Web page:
December 7, 2014

HE3 - an elegent valve friendly speaker

Here's a dilemma. How do you create a speakerthat meets all these goals:
  • easy for a valve amplifier to drive (benign impedance load and high sensitivity)
  • a slim and elegant design (tall and slender rather than wide and chunky)
  • pleasing tonal balance with full bass and no emphasised regions to get a high sensitivity rating
  • strong bass extension
 
Based on the questions I'm often asked, it's much harder than people realise. Often people don't realise the implications of each decision. If you want a slender box that isn't very big, with good bass extension, generally it's going to mean it won't achieve high sensitivity.Something has to give. 

 

HE3 is my answer. First we start with a conventional dome tweeter with fairly high sensitivity and an exceptional midbass driver - Acoustic Elegance TD6M. Here we achieve 93 dB sensitivity which is quite reasonable. Many speakers claiming higher don't actually deliver it. This is a spec that is often inflated excessively. Even individual drivers rated at 99 dB in reality may only have 93 dB of useful sensitivity.


Now the key in this design is that the bass is active, with a side firing 10" woofer. Here we dispense with high sensitivity and use brute force with a built in amp that also features DSP. The added bonus is that we can use EQ in the room.




Prototype coming soon.

Sonus Faber Cremona Auditor active crossover conversion


 The Sonus Faber Cremona Auditor is a fairly well known speaker using good quality drivers in a beautiful box. A client brought in a pair that he was not happy with, requesting an active crossover design. This is a speaker that measures quite well in terms of dispersion but it's not a speaker that handles higher levels very well. At moderately loud levels it sounds strained, most likely due to the use of a first order crossover with a ring radiator tweeter which is not ideally suited for a situation such as this which places heavy demands.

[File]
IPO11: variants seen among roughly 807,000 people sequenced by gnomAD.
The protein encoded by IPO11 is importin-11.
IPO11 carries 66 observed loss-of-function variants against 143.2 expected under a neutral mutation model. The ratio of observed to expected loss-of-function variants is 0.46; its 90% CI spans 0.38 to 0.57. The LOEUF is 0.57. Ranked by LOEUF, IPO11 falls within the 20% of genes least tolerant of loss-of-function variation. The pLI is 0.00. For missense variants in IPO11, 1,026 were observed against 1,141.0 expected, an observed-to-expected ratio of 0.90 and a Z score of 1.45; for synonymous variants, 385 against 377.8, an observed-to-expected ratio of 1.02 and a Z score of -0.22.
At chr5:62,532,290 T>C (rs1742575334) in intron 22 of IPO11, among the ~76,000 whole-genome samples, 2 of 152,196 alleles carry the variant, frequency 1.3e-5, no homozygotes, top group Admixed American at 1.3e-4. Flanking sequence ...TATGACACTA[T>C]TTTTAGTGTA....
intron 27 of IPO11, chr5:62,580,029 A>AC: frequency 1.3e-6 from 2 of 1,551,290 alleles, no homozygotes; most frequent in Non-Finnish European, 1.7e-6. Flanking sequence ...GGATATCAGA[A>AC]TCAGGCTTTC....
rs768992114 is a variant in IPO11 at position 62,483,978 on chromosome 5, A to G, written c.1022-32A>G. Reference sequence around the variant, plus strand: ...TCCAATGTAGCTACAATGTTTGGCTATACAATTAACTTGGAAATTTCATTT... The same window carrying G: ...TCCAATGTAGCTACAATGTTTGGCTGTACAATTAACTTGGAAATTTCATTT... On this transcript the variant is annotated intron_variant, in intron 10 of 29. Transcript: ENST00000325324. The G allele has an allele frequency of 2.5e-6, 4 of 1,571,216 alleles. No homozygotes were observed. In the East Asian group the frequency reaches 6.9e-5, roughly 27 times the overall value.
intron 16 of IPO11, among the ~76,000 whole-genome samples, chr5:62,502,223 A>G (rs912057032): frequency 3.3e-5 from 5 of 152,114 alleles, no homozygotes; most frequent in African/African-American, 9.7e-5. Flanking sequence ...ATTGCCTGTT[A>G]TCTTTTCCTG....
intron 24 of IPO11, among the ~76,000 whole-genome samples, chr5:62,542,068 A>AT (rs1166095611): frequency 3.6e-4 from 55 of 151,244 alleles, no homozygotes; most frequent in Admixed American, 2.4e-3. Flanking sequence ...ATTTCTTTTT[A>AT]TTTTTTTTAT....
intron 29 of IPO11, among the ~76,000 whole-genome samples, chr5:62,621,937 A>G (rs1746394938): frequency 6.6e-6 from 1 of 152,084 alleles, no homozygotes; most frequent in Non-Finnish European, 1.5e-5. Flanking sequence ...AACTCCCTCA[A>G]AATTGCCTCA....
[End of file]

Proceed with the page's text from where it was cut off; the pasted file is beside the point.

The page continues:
Raw response with the tweeter response raised for clarity: In reality they overlap each other.


No obvious breakup peaks are evident here.

The raw response of the woofer (green) shows a rise in the region from 700 Hz - 2.5k. This is eliminated with EQ (blue) and then a low pass filter is added.





 The same approach is used with the tweeter, first applying EQ and then a high pass filter.

Summed crossover.



This isn't shown here but I use a shelving filter to adjust the treble balance. This allows for a lot of adjustment later without messing up the crossover. 

This is just a quick snapshot and not the entire battery of measurements that were taken and analysed. 

Even a brief listen reveals an obvious improvement in the sound. The speaker is now entirely free of problems with a forward and strained sound.

December 6, 2014

HS215 - a horn sub with dual 15" drivers


Introducing HS-215. This is a custom job for a client and it's designed to sit behind a couch in place of a shelving unit. Designed as a flat pack where panels lock together such that large clamps can be avoided.

November 26, 2014

Speakers coming up at Red Spade Audio

I recently posted some speaker concepts I'm considering. 


The plan is now to develop all of them!

A: HE3 in slightly modified form with a single 10" active woofer
B: AV8 is already in my range
C: HE2 is already in my range
D + E: coming soon
F: coming soon

Out of the surround speaker options:

The two dipole surrounds are shelved, the third is AV8 already in my range and the one on the right side is currently in progress - it's a Coax 8" driver.

Articles coming up ...

Two article series coming up:


Acoustic measurement

There will soon be a series of articles coming together on the topic of measurement. A particular focus will be on helping people get started.

Active vs passive crossovers

A holistic look at passive vs active considering many aspects that are often forgotten.